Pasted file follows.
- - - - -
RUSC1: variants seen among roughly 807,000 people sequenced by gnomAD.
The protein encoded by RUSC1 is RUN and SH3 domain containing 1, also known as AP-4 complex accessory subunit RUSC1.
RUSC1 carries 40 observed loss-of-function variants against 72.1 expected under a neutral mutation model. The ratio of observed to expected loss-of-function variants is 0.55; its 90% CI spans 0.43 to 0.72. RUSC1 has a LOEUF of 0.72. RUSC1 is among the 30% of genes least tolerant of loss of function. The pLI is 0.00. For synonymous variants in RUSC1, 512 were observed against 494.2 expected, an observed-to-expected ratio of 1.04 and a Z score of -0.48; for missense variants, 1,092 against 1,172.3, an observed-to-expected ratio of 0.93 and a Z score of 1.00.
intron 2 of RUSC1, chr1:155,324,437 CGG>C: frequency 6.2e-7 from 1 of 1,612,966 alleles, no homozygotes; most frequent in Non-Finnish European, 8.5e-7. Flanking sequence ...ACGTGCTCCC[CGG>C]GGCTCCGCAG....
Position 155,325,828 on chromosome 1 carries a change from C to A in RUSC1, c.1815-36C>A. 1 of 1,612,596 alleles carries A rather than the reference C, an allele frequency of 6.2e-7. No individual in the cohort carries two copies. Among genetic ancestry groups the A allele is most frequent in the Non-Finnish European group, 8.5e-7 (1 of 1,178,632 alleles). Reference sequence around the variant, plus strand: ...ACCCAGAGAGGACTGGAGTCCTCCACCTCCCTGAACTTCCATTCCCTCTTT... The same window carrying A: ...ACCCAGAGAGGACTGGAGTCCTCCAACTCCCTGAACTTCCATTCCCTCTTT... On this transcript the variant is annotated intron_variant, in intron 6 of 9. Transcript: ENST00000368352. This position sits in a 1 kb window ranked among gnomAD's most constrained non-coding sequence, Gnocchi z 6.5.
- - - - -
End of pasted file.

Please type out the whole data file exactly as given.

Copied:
RUSC1: variants seen among roughly 807,000 people sequenced by gnomAD.
The protein encoded by RUSC1 is RUN and SH3 domain containing 1, also known as AP-4 complex accessory subunit RUSC1.
RUSC1 carries 40 observed loss-of-function variants against 72.1 expected under a neutral mutation model. The ratio of observed to expected loss-of-function variants is 0.55; its 90% CI spans 0.43 to 0.72. RUSC1 has a LOEUF of 0.72. RUSC1 is among the 30% of genes least tolerant of loss of function. The pLI is 0.00. For synonymous variants in RUSC1, 512 were observed against 494.2 expected, an observed-to-expected ratio of 1.04 and a Z score of -0.48; for missense variants, 1,092 against 1,172.3, an observed-to-expected ratio of 0.93 and a Z score of 1.00.
intron 2 of RUSC1, chr1:155,324,437 CGG>C: frequency 6.2e-7 from 1 of 1,612,966 alleles, no homozygotes; most frequent in Non-Finnish European, 8.5e-7. Flanking sequence ...ACGTGCTCCC[CGG>C]GGCTCCGCAG....
Position 155,325,828 on chromosome 1 carries a change from C to A in RUSC1, c.1815-36C>A. 1 of 1,612,596 alleles carries A rather than the reference C, an allele frequency of 6.2e-7. No individual in the cohort carries two copies. Among genetic ancestry groups the A allele is most frequent in the Non-Finnish European group, 8.5e-7 (1 of 1,178,632 alleles). Reference sequence around the variant, plus strand: ...ACCCAGAGAGGACTGGAGTCCTCCACCTCCCTGAACTTCCATTCCCTCTTT... The same window carrying A: ...ACCCAGAGAGGACTGGAGTCCTCCAACTCCCTGAACTTCCATTCCCTCTTT... On this transcript the variant is annotated intron_variant, in intron 6 of 9. Transcript: ENST00000368352. This position sits in a 1 kb window ranked among gnomAD's most constrained non-coding sequence, Gnocchi z 6.5.